What does getting excited about a math test have to do with the Army?
If you'd like to know, you've come to the right blog.
Several years ago, in my life before soldierhood, I taught math to "traditionally underserved" students, a term that basically means the school district they were in sucked.
But we had a good school, and an even better math department. One of my challenges was to get these kids excited to learn and excited to show what they learned.
Long before I was a member of the Army, I had a crowd of generals...looking up to me. One of my strategies was to reward students who scored a 4.0 on an exam (the equivalent of a near-perfect score) membership among Stowell's 4-Star Generals.
It was just one way to motivate kids to want to do their best, and many of my students genuinely looked forward to taking those tests.
In the real Army, a command sergeant major of mine once wrote, "We need leadership, not likership."
What about "respectership?"
The ironic thing is that nobody I knew liked the CSM, nor did they think he was a good leader. He certainly didn't garner any legitimate respect.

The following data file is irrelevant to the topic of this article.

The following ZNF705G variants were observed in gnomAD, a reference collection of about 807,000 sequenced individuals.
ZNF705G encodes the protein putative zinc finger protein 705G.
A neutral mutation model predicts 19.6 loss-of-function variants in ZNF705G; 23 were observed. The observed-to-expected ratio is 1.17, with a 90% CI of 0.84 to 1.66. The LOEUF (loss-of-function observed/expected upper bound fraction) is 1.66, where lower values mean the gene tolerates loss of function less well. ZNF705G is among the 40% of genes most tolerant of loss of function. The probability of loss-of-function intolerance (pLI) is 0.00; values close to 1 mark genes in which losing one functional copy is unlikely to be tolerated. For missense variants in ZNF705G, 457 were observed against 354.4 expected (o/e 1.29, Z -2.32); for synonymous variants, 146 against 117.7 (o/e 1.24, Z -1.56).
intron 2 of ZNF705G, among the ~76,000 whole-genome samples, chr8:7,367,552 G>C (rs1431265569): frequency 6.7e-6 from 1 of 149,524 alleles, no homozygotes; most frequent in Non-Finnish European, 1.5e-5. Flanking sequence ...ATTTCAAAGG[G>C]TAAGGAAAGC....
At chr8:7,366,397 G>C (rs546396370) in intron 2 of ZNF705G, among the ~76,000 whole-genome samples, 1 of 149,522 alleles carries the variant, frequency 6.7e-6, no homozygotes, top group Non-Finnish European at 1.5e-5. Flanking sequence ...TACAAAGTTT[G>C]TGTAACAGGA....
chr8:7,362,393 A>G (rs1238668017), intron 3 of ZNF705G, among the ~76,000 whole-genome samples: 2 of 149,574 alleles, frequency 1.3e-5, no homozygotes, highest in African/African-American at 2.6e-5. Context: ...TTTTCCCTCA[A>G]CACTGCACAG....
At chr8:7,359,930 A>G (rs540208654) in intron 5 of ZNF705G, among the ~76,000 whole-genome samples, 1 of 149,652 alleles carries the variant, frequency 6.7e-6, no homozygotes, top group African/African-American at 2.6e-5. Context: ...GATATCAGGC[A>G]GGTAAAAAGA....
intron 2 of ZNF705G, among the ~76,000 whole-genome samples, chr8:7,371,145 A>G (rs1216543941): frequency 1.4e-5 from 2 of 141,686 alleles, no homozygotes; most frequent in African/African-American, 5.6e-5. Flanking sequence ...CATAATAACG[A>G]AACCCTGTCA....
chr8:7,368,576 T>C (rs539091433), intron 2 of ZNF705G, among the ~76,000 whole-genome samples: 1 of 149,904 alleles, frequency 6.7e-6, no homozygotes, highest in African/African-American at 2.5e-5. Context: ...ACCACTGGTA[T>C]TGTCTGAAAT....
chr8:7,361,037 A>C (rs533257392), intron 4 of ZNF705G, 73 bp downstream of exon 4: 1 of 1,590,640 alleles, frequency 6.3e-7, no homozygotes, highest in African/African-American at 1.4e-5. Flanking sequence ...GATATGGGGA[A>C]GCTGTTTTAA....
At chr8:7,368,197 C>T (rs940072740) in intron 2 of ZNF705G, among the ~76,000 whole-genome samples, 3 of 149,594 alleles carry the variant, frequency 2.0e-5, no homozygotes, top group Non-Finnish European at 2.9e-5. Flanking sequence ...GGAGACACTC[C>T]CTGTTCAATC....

Now the tie-in. My students respected me, and looked toward me for leadership. They gave their all for me and performed well because I had set up a system in which they felt safe, valued, and respected, yet challenged. Guess what-- they also liked me.
Leadership and "likership" are not incompatible. In fact, they often complement each other.
Too many Army leaders will end up like the poor CSM: no friends, and nobody who will follow them anywhere unless forced.
A true leader can have positive influence without all the stripes.
So when Soldiers tell me they hated math, I tell them it's because they didn't have the right teacher. If you don't like the Army? I'll let you figure that one out.
(Photo by SPC Drew Balstad)